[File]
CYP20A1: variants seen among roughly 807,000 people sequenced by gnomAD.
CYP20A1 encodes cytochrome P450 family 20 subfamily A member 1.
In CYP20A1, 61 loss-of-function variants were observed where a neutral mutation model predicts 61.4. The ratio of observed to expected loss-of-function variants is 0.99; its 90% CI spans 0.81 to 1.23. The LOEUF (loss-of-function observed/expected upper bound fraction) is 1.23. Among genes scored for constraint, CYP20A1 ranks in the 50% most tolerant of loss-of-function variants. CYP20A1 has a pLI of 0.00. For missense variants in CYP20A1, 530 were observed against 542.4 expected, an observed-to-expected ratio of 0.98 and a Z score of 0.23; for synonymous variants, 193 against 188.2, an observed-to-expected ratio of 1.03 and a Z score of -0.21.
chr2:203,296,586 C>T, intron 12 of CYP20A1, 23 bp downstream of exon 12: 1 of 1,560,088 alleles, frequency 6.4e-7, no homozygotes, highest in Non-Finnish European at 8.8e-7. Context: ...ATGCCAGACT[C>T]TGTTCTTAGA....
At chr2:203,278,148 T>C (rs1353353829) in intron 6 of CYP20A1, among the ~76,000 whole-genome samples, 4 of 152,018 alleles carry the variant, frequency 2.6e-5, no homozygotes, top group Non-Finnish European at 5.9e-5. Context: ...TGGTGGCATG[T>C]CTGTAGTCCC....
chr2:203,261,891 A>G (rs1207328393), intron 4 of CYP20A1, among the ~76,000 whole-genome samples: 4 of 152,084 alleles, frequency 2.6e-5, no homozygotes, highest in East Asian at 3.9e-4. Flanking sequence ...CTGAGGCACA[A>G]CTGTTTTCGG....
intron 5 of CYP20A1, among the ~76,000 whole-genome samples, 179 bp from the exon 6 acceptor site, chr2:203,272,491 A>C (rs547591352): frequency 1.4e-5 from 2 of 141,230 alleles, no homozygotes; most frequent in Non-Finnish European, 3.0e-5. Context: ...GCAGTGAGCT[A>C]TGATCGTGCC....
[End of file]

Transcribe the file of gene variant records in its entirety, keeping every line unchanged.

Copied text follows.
CYP20A1: variants seen among roughly 807,000 people sequenced by gnomAD.
CYP20A1 encodes cytochrome P450 family 20 subfamily A member 1.
In CYP20A1, 61 loss-of-function variants were observed where a neutral mutation model predicts 61.4. The ratio of observed to expected loss-of-function variants is 0.99; its 90% CI spans 0.81 to 1.23. The LOEUF (loss-of-function observed/expected upper bound fraction) is 1.23. Among genes scored for constraint, CYP20A1 ranks in the 50% most tolerant of loss-of-function variants. CYP20A1 has a pLI of 0.00. For missense variants in CYP20A1, 530 were observed against 542.4 expected, an observed-to-expected ratio of 0.98 and a Z score of 0.23; for synonymous variants, 193 against 188.2, an observed-to-expected ratio of 1.03 and a Z score of -0.21.
chr2:203,296,586 C>T, intron 12 of CYP20A1, 23 bp downstream of exon 12: 1 of 1,560,088 alleles, frequency 6.4e-7, no homozygotes, highest in Non-Finnish European at 8.8e-7. Context: ...ATGCCAGACT[C>T]TGTTCTTAGA....
At chr2:203,278,148 T>C (rs1353353829) in intron 6 of CYP20A1, among the ~76,000 whole-genome samples, 4 of 152,018 alleles carry the variant, frequency 2.6e-5, no homozygotes, top group Non-Finnish European at 5.9e-5. Context: ...TGGTGGCATG[T>C]CTGTAGTCCC....
chr2:203,261,891 A>G (rs1207328393), intron 4 of CYP20A1, among the ~76,000 whole-genome samples: 4 of 152,084 alleles, frequency 2.6e-5, no homozygotes, highest in East Asian at 3.9e-4. Flanking sequence ...CTGAGGCACA[A>G]CTGTTTTCGG....
intron 5 of CYP20A1, among the ~76,000 whole-genome samples, 179 bp from the exon 6 acceptor site, chr2:203,272,491 A>C (rs547591352): frequency 1.4e-5 from 2 of 141,230 alleles, no homozygotes; most frequent in Non-Finnish European, 3.0e-5. Context: ...GCAGTGAGCT[A>C]TGATCGTGCC....